Xi Coronae Borealis

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Xi Coronae Borealis
Observation data
Epoch J2000.0      Equinox J2000.0 (ICRS)
Constellation Corona Borealis
Right ascension 16h 22m 05.82391s[1]
Declination +30° 53′ 31.1837″[1]
Apparent magnitude (V) 4.85[2]
Characteristics
Spectral type K0 III[3]
U−B color index +0.80[2]
B−V color index +0.97[2]
Astrometry
Radial velocity (Rv) −29.20±0.16[4] km/s
Proper motion (μ) RA: −97.43[1] mas/yr
Dec.: +107.45[1] mas/yr
Parallax (π) 17.78 ± 0.25[1] mas
Distance 183 ± 3 ly
(56.2 ± 0.8 pc)
Absolute magnitude (MV) +1.04[5]
Details[4]
Mass 2.36[5] M
Radius R
Luminosity 36 L
Surface gravity (log g) 2.9 cgs
Temperature 4,853±5 K
Metallicity [Fe/H] −0.08 dex
Rotational velocity (v sin i) 2.8 km/s
Age 676[5] Myr
Other designations
ξ CrB, 19 CrB, BD+31° 2845, HD 147677, HIP 80181, HR 6103, SAO 65254, WDS J16221+3054A[6]
Database references
SIMBAD data

Xi Coronae Borealis (ξ CrB) is a binary star[3] system in the northern constellation of Corona Borealis. It is visible to the naked eye with a combined apparent visual magnitude of 4.85.[2] Based upon an annual parallax shift of 17.78 mas as seen from the Earth,[1] it is located about 183 light years from the Sun.

As of 2009, the pair had an angular separation of 91 mas along a position angle of 139.4°.[7] The brighter member, component Aa,[7] is an evolved K-type giant star with a stellar classification of K0 III.[3] It is a red clump star that is generating energy by helium fusion at its core.[8] The star has an estimated 2.36 times the mass of the Sun and has expanded to 8 times the Sun's radius. It is radiating 36 times the solar luminosity from its photosphere at an effective temperature of 4,853 K.[4]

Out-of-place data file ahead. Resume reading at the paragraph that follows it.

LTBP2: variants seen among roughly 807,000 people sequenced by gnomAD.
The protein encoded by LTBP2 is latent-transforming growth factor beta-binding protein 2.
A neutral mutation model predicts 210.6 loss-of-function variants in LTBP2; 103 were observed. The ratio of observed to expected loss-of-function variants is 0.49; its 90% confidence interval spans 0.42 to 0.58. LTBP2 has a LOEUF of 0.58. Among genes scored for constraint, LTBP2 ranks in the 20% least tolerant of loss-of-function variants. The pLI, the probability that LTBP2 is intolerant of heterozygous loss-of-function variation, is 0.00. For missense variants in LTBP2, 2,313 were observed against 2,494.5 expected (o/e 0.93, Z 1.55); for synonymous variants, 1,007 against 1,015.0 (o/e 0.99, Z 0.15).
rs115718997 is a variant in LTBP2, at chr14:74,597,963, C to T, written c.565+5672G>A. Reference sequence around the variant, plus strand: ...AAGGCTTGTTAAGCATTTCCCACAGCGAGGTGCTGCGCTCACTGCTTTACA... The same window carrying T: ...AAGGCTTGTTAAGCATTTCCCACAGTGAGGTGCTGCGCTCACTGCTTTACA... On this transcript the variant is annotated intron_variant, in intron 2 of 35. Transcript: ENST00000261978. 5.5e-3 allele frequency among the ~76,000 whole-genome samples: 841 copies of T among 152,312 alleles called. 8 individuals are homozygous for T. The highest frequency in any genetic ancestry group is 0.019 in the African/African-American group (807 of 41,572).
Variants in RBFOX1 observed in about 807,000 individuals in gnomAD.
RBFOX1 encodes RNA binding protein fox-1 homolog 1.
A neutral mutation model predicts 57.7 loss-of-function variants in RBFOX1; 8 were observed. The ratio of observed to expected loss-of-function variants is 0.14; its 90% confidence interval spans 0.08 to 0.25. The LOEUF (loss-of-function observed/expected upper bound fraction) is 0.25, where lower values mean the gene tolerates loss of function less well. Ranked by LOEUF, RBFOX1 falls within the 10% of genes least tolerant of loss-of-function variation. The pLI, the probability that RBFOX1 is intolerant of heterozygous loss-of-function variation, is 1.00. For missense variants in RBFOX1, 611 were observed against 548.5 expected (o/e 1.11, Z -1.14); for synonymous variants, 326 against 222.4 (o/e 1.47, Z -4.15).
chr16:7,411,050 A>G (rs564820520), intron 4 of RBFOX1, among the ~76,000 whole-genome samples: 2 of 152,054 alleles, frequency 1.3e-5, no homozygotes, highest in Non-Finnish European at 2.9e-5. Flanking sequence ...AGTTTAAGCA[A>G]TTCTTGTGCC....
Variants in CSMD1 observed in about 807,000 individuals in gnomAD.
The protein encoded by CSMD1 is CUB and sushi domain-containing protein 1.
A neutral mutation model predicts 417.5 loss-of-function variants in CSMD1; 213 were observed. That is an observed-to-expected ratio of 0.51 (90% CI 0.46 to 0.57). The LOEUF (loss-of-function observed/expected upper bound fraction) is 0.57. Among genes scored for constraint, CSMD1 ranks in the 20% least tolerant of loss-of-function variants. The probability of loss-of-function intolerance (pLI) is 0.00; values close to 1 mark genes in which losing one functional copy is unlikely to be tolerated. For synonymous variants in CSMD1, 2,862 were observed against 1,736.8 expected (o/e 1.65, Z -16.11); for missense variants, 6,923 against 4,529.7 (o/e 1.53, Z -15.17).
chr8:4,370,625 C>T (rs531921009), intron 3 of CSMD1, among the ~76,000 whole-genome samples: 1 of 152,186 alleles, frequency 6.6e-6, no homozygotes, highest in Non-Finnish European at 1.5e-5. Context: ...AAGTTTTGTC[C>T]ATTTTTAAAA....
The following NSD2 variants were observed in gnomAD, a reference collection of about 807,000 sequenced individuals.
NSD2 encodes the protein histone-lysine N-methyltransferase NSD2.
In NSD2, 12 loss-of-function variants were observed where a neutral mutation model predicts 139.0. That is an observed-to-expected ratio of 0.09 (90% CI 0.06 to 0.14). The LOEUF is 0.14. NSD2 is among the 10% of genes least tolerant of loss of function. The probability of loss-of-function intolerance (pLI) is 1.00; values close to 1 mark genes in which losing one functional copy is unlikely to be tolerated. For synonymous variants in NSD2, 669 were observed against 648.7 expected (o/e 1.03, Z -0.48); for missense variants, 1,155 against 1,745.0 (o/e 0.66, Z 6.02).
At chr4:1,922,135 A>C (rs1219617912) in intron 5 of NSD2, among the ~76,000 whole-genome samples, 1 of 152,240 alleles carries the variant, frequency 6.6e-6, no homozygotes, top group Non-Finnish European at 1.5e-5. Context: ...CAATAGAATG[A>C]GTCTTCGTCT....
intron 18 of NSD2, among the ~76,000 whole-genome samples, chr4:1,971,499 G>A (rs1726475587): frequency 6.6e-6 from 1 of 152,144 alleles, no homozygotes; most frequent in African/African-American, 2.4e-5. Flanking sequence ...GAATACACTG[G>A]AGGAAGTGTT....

References[edit]

  1. ^ a b c d e f van Leeuwen, F. (2007), "Validation of the new Hipparcos reduction", Astronomy and Astrophysics, 474 (2): 653–664, Bibcode:2007A&A...474..653V, arXiv:0708.1752Freely accessible, doi:10.1051/0004-6361:20078357. 
  2. ^ a b c d Johnson, H. L.; et al. (1966), "UBVRIJKL photometry of the bright stars", Communications of the Lunar and Planetary Laboratory, 4 (99), Bibcode:1966CoLPL...4...99J. 
  3. ^ a b c Eggleton, P. P.; Tokovinin, A. A. (September 2008), "A catalogue of multiplicity among bright stellar systems", Monthly Notices of the Royal Astronomical Society, 389 (2): 869–879, Bibcode:2008MNRAS.389..869E, arXiv:0806.2878Freely accessible, doi:10.1111/j.1365-2966.2008.13596.x. 
  4. ^ a b c Massarotti, Alessandro; et al. (January 2008), "Rotational and radial velocities for a sample of 761 HIPPARCOS giants and the role of binarity", The Astronomical Journal, 135 (1): 209–231, Bibcode:2008AJ....135..209M, doi:10.1088/0004-6256/135/1/209. 
  5. ^ a b c Takeda, Yoichi; et al. (August 2008), "Stellar Parameters and Elemental Abundances of Late-G Giants", Publications of the Astronomical Society of Japan, 60 (4): 781–802, Bibcode:2008PASJ...60..781T, arXiv:0805.2434Freely accessible, doi:10.1093/pasj/60.4.781. 
  6. ^ "ksi CrB -- Double or multiple star", SIMBAD Astronomical Database, Centre de Données astronomiques de Strasbourg, retrieved 2017-05-03. 
  7. ^ a b Hartkopf, William I.; Mason, Brian D. (2009), "Speckle Interferometry at Mount Wilson Observatory: Observations Obtained in 2006-2007 and 35 New Orbits", The Astronomical Journal, 138 (3): 813, Bibcode:2009AJ....138..813H, doi:10.1088/0004-6256/138/3/813. 
  8. ^ Alves, David R. (August 2000), "K-Band Calibration of the Red Clump Luminosity", The Astrophysical Journal, 539 (2): 732–741, Bibcode:2000ApJ...539..732A, arXiv:astro-ph/0003329Freely accessible, doi:10.1086/309278.